Economy’s Crummy? Here’s How to Leverage it for Better Security Posture 

Posted by: Uri Levy
July 20, 2023
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Companies are like governments – and people, for that matter: when times are good, they tend to expand. When there are extra tax revenues, new programs spring up – roads get paved, playgrounds get built, jobs are added, processes expand, systems are upgraded, departments divide and subdivide like amoebas. Organizations grow to ‘pleasantly plump’ proportions…until the inevitable contraction.

Let’s be clear: challenging economic times are never good. At the same time, like so many inherently negative situations, they can result in good things. Downturns are a compelling event for organizational leaders. It’s a chance to make the organization leaner while at the same time either accomplishing the same or (ideally) even more. 

Cybersecurity is no different. In economic climates like the one we find ourselves in currently, security leaders are being asked to closely evaluate their spending without sacrificing risk levels. But can cybersecurity do more than just merely survive  in lean times? Can it thrive? 

In fact, it can. Here’s why:

Downturns: Good for IT and Security?

For IT and other non-security teams, growth periods mean new systems to roll out, new services to launch, new business models to ramp up, and an ongoing mad dash to support organizations rushing to snap up opportunities in a flush market. To meet these demands, teams buy more storage, beef up computing resources, add more staff, and go into overdrive.

In good times and bad, there’s a love-hate relationship between IT and Security. In the best of times, cybersecurity requirements can slow IT’s business response. This means that in companies where CISOs don’t build friction-reducing joint IT-Security processes, friction peaks. Yet in downtimes, the pressure gets dialed back somewhat. IT gets to move a bit slower as budgets scale back, new services are rethought or put on ice, and the pace is less frenetic.

And here’s the dual benefit: as IT is able to take its foot off the gas, Security can breathe easier, too. First off, there’s less need to pursue IT for services that might otherwise be difficult to obtain owing to the sheer volume of demand. But also, there’s a long tail of issues that were never quite handled during flush times, just waiting for IT and Security to jointly swoop in and resolve. From patching to risk analysis, from vulnerability prioritization to attack path management – during downturns both IT and Security may have fewer toys, but they’ve also got more mindshare to fix everything that was previously unfixed owing to time-to-market considerations.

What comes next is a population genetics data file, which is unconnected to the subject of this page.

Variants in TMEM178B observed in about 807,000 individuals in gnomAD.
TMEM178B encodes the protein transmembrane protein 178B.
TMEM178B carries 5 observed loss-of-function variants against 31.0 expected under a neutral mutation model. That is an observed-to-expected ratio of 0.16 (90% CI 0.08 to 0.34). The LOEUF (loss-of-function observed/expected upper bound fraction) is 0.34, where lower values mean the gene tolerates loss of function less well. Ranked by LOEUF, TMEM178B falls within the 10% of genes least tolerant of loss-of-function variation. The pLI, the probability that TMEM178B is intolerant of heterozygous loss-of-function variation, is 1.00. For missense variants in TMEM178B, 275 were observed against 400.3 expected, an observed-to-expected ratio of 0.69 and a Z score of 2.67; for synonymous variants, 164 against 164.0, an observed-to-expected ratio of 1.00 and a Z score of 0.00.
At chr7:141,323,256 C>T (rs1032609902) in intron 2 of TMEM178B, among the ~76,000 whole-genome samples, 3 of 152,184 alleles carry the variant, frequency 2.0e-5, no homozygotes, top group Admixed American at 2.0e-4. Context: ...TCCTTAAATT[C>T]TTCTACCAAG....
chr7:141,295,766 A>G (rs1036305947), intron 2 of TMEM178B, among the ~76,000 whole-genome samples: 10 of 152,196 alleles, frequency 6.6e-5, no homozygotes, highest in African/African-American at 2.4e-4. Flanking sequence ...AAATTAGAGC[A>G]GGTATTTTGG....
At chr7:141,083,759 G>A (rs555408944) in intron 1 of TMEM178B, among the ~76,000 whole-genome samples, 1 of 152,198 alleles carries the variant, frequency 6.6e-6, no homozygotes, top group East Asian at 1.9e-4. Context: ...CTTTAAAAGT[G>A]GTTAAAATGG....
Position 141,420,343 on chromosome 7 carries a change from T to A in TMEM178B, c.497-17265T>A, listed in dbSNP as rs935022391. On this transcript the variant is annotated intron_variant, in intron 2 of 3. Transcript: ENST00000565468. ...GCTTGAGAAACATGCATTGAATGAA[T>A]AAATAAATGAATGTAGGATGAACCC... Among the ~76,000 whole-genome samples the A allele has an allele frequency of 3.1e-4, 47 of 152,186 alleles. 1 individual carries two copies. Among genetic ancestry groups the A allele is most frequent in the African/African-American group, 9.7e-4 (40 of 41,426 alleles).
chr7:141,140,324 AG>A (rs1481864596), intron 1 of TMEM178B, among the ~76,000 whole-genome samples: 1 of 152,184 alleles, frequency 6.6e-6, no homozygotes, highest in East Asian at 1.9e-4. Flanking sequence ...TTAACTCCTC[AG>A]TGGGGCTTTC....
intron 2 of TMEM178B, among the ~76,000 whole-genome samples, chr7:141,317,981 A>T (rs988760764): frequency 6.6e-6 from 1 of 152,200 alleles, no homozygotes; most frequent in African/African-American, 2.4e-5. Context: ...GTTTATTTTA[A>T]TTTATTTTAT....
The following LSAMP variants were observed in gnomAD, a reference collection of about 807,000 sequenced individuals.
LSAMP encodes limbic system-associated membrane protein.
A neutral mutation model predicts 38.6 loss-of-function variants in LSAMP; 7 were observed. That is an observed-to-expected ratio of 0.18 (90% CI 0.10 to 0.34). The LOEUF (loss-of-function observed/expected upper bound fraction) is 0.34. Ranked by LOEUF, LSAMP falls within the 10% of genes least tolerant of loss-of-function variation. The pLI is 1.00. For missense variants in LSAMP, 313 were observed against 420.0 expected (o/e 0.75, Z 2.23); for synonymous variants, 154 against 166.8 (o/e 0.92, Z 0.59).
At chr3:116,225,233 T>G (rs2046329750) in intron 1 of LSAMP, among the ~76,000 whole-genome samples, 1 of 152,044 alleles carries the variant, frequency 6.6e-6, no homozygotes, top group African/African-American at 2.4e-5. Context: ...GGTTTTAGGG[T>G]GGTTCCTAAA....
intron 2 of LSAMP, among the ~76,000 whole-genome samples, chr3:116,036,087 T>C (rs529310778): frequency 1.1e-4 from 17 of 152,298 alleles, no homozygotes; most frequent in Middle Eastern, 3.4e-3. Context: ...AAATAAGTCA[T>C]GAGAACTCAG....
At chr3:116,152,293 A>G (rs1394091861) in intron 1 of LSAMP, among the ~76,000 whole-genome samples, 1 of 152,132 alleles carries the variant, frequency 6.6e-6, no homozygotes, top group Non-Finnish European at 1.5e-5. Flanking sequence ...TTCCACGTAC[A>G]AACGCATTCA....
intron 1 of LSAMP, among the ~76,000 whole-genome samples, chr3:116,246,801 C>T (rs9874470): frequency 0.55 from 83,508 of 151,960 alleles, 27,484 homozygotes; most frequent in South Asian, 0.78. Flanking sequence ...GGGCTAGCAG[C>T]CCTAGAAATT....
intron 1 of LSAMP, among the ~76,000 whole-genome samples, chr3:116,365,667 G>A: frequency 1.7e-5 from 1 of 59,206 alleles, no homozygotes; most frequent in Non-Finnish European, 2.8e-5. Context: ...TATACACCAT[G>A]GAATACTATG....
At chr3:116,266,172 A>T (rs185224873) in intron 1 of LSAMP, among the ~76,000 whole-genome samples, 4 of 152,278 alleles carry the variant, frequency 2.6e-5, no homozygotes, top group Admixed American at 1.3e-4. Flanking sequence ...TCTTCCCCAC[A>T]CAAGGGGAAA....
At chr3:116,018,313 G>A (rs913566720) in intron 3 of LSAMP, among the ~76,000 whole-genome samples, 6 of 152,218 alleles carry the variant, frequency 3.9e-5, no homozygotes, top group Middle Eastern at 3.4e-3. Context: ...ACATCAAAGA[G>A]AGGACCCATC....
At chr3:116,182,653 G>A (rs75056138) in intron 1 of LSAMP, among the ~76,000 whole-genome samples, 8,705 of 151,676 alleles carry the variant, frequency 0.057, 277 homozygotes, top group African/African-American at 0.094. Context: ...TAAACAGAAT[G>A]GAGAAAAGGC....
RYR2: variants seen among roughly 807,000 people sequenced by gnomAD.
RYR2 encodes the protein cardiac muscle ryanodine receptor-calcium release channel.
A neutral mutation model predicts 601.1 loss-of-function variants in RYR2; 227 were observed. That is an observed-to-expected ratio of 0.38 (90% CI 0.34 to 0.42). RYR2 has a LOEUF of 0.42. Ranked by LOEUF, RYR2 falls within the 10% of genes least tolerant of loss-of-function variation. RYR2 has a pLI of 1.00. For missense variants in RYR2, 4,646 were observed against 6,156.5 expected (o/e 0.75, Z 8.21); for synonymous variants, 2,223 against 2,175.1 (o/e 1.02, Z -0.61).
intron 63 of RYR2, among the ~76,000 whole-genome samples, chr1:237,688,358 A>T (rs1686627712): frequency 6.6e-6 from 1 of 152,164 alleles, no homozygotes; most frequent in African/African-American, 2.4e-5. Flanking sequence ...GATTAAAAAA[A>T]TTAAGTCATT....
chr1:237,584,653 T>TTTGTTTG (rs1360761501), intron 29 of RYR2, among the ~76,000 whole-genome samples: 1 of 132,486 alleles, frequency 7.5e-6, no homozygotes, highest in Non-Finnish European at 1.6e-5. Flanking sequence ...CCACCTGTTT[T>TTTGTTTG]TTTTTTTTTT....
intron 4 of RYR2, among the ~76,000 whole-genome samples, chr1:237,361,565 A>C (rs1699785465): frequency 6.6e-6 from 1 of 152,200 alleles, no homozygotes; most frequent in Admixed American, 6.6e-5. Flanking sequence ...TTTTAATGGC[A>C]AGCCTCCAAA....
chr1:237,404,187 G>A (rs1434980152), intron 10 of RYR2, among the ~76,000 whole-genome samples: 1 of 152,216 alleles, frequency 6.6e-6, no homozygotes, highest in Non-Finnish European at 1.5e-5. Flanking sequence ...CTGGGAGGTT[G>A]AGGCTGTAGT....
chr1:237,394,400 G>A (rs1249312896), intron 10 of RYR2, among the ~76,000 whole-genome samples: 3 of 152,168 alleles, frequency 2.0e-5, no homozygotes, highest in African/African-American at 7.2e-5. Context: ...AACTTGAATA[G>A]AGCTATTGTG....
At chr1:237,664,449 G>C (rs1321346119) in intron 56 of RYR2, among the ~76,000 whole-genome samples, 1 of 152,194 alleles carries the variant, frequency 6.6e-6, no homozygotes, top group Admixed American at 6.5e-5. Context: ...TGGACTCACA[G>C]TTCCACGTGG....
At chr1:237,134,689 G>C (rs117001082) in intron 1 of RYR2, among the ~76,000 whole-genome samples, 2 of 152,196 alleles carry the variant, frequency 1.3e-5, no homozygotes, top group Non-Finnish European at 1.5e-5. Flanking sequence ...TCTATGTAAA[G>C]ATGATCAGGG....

Making a Dent in the Big Disconnect

A good example of something likely to be mitigated (if not altogether solved) in bad times is what we at XM Cyber call the Big Disconnect

What is ‘the Big D’? Although organizations have various tools that can identify misconfigurations, vulnerabilities, permissions, and user activity – they still lack visibility into how these factors align from an attacker’s perspective. And despite the flood of alerts flowing into the average SOC, organizations still struggle to determine which of these pose a threat to their critical assets. 

What’s more, organizations may have cloud protection in place, yet remain unaware of an entry by someone with unauthorized access. This is the Big Disconnect: because despite massive investments in top-tier tools, organizations are still unable to ascertain the overall security of their network.

There are hundreds of thousands of unaddressed and siloed issues in an average corporate network. And while the vast majority of these are innocuous, since IT can only address 2-5% of them it’s hard to know which are not. This bottleneck, largely resulting from a lack of update/patch capacity, is one of the key foundations of the Big Disconnect. Even automation hasn’t yet effectively moved the needle for IT – because updating and upgrading production services simply can’t be done blind. Analytics can be effective in closing the gap – but statistics and algorithms always come with caveats, and enterprise-grade production systems can’t afford to gamble.

So, during downturns, when IT has a bit less pressure, they’re able to work with Security to implement new frameworks designed to make a dent in the Big Disconnect – without making a dent in budgets. For example, the framework that Gartner is calling Continuous Threat Exposure Management (CTEM). CTEM solutions help organizations maintain continuous vigilance over hybrid networks by viewing them through the eyes of an attacker. This allows Security and IT teams to spot potential attacks before they happen by uncovering hidden attack paths to critical assets across cloud and on-prem – eliminating blind spots and resource-sapping guesswork.

The Bottom Line

During challenging economic times, cybersecurity leaders have an opportunity: make the organization leaner while maintaining or even increasing productivity. They can raise efficiency and lower risk without raising CapEx and OpEx. This means that cybersecurity can both survive and thrive in downturns, while the IT-Security relationship can become better aligned, too. With the right tools and (more importantly) the right attitude, economy and efficiency in cybersecurity do not have to be mutually exclusive.

Uri Levy

Uri Levy is a seasoned cybersecurity executive with a successful track record in the strategic and operational turnaround of technology and cyber companies. Over the past 15 years, he has built and managed leading network and security solution providers, and consistently achieved sustained growth and brand leadership.

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